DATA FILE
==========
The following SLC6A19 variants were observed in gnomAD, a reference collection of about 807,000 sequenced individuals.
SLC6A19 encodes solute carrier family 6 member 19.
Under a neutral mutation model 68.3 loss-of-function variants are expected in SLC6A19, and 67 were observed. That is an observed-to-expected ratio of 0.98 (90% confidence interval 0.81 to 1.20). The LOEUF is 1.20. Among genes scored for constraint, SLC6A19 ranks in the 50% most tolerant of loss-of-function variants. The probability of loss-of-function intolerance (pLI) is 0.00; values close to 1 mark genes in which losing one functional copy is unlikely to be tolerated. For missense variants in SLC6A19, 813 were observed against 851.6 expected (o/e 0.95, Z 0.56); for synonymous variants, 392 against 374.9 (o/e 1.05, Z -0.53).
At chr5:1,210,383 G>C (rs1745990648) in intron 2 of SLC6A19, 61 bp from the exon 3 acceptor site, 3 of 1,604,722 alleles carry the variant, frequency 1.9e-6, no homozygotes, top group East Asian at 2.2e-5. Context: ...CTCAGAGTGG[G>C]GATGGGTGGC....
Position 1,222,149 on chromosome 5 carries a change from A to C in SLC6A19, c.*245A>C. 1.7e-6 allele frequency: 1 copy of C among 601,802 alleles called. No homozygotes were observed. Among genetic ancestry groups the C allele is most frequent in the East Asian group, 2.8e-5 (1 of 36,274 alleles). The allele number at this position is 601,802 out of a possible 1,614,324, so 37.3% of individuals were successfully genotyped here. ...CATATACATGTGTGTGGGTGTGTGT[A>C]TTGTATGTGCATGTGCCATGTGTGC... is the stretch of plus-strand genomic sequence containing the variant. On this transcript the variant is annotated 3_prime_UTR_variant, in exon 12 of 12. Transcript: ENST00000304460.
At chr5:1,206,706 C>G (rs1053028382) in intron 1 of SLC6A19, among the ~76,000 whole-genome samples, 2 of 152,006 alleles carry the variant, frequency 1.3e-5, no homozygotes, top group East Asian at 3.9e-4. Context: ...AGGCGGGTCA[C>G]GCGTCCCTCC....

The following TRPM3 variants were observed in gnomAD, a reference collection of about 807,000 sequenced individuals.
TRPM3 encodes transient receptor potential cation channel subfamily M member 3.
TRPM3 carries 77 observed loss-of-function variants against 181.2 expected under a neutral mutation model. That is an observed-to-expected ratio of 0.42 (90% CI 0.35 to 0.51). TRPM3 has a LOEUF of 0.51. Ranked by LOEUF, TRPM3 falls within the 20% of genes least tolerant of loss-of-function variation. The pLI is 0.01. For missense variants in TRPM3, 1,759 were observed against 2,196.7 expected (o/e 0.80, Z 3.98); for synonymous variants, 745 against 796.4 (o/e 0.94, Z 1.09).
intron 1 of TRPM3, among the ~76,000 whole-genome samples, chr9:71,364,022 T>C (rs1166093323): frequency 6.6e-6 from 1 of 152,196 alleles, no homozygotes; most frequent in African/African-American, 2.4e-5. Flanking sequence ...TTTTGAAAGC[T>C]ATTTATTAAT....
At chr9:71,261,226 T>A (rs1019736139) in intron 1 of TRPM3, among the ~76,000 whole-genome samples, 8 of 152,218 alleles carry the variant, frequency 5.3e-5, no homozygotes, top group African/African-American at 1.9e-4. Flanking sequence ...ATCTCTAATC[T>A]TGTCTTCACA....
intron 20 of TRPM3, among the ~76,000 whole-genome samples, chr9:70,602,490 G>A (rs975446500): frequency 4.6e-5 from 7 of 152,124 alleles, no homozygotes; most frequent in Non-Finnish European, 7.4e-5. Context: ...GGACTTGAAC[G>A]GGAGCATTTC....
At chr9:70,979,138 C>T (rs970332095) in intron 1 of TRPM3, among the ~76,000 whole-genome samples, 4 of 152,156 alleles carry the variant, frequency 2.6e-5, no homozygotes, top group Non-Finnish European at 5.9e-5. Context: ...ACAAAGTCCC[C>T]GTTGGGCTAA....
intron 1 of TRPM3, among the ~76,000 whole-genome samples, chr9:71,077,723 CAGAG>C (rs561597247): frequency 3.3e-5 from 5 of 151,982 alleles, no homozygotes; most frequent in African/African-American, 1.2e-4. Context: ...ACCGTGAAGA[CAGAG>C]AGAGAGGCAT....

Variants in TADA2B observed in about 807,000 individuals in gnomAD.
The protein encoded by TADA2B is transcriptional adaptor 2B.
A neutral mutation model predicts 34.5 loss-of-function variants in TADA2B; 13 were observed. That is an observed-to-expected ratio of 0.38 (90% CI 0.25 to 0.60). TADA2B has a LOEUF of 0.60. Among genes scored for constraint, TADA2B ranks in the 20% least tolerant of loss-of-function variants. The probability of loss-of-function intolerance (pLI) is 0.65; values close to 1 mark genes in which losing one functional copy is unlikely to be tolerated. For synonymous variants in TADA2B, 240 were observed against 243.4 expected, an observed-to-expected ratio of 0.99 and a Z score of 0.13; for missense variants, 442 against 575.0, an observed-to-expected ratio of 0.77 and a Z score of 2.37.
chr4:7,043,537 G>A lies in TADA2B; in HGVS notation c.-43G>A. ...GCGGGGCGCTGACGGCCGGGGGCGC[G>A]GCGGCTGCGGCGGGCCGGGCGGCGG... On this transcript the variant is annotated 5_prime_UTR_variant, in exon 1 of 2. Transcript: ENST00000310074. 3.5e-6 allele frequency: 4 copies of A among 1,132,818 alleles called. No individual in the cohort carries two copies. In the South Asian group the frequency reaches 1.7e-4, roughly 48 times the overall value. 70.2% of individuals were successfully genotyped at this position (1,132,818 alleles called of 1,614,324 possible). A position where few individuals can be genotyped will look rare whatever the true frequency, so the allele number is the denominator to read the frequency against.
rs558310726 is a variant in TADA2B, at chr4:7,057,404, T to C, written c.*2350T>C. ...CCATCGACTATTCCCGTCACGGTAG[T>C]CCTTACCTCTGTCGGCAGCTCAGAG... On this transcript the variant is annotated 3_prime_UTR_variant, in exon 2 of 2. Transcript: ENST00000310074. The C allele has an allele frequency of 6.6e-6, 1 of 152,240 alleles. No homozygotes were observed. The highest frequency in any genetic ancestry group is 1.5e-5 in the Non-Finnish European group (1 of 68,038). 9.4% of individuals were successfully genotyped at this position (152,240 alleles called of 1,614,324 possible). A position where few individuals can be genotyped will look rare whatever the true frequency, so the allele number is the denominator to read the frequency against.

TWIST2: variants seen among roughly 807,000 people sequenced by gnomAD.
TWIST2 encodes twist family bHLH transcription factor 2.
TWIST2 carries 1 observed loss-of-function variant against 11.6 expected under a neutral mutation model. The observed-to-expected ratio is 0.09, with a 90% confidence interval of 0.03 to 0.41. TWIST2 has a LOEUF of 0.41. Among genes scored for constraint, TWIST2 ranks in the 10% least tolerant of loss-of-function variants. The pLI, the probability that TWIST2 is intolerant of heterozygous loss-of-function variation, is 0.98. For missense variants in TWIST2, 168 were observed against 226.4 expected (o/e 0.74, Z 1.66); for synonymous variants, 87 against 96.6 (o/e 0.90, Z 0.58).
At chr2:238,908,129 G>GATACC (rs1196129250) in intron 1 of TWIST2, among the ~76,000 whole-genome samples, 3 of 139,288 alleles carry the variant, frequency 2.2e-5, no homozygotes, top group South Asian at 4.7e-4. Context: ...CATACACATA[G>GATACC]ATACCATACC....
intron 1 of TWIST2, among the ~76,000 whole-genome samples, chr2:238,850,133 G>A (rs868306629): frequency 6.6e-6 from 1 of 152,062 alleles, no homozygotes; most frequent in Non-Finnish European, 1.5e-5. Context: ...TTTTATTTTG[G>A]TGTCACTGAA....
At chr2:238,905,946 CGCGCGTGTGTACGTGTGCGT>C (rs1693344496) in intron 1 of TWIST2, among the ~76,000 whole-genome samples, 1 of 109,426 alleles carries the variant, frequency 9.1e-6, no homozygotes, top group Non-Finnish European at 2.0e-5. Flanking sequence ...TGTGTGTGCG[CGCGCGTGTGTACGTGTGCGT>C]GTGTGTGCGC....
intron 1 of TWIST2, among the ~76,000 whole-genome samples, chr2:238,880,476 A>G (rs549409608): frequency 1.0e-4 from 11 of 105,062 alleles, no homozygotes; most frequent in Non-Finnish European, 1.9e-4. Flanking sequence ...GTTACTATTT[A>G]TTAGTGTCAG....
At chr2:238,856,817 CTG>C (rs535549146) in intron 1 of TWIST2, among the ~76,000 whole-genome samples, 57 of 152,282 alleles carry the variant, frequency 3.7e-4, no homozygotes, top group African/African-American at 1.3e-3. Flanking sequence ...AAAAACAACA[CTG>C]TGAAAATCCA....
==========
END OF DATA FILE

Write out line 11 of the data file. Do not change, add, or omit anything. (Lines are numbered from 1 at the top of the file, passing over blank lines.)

At chr9:71,261,226 T>A (rs1019736139) in intron 1 of TRPM3, among the ~76,000 whole-genome samples, 8 of 152,218 alleles carry the variant, frequency 5.3e-5, no homozygotes, top group African/African-American at 1.9e-4. Flanking sequence ...ATCTCTAATC[T>A]TGTCTTCACA....